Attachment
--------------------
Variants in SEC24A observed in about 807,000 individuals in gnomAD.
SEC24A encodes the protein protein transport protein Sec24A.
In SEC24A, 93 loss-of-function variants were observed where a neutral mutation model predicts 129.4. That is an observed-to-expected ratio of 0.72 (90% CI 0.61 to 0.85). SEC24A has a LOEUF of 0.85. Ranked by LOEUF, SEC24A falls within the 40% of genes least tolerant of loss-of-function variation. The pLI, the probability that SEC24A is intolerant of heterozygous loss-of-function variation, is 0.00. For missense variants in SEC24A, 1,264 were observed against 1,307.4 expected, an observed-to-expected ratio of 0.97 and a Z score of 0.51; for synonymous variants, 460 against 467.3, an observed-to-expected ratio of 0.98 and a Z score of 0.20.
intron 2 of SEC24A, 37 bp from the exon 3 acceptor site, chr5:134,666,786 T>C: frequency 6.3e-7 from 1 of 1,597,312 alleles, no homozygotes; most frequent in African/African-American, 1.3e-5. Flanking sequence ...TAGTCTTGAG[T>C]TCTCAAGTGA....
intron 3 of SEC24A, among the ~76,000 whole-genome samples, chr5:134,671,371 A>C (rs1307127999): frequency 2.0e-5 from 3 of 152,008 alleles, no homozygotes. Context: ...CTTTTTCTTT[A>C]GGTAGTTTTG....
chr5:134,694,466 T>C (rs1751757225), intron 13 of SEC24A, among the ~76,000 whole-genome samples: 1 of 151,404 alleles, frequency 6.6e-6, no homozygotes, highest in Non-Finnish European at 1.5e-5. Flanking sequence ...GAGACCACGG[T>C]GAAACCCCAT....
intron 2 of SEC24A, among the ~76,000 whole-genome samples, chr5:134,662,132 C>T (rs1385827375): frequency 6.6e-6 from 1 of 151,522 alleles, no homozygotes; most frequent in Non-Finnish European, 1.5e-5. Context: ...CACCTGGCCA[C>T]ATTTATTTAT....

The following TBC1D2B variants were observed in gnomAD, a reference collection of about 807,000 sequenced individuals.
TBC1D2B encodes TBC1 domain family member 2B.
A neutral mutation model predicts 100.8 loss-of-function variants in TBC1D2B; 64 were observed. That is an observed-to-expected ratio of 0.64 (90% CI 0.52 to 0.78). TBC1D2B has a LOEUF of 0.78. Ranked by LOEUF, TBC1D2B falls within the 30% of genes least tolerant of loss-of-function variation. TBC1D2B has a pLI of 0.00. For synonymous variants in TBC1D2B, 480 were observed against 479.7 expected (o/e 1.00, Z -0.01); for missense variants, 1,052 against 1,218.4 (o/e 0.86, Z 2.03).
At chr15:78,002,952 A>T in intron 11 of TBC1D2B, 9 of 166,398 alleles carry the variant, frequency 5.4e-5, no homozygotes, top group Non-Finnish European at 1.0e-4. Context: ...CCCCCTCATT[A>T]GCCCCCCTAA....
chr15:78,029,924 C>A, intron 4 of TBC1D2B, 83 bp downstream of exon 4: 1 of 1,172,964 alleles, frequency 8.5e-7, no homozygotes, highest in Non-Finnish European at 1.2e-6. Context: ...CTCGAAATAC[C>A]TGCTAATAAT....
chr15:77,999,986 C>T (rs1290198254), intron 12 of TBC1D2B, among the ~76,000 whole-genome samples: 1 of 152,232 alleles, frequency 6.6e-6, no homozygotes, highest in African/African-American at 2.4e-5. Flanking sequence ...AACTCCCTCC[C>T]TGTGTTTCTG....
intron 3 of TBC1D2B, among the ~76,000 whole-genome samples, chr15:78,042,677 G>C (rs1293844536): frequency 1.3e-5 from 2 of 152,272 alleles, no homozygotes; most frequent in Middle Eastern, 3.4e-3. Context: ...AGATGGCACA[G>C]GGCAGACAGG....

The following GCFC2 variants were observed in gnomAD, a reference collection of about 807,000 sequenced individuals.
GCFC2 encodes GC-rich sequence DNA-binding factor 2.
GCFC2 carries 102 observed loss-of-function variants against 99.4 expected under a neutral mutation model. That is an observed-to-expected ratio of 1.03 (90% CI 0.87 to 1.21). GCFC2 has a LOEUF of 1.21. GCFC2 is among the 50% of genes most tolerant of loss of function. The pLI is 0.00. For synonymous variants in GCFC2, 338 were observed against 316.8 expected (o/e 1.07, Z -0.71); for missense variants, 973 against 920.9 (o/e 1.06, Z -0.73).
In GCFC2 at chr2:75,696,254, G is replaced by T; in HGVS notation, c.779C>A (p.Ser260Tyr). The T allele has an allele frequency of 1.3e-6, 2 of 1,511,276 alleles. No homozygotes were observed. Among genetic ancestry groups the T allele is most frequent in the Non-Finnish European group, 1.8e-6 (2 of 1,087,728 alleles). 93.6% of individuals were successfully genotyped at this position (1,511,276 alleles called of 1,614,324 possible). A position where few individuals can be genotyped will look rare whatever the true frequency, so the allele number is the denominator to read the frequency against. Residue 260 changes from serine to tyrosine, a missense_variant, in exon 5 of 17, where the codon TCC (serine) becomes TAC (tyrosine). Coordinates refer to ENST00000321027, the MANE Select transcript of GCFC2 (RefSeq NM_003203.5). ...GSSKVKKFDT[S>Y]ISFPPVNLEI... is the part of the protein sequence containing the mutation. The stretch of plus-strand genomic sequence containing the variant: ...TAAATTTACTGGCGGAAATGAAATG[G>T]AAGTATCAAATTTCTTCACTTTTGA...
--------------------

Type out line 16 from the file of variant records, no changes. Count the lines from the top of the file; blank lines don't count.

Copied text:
GCFC2 encodes GC-rich sequence DNA-binding factor 2.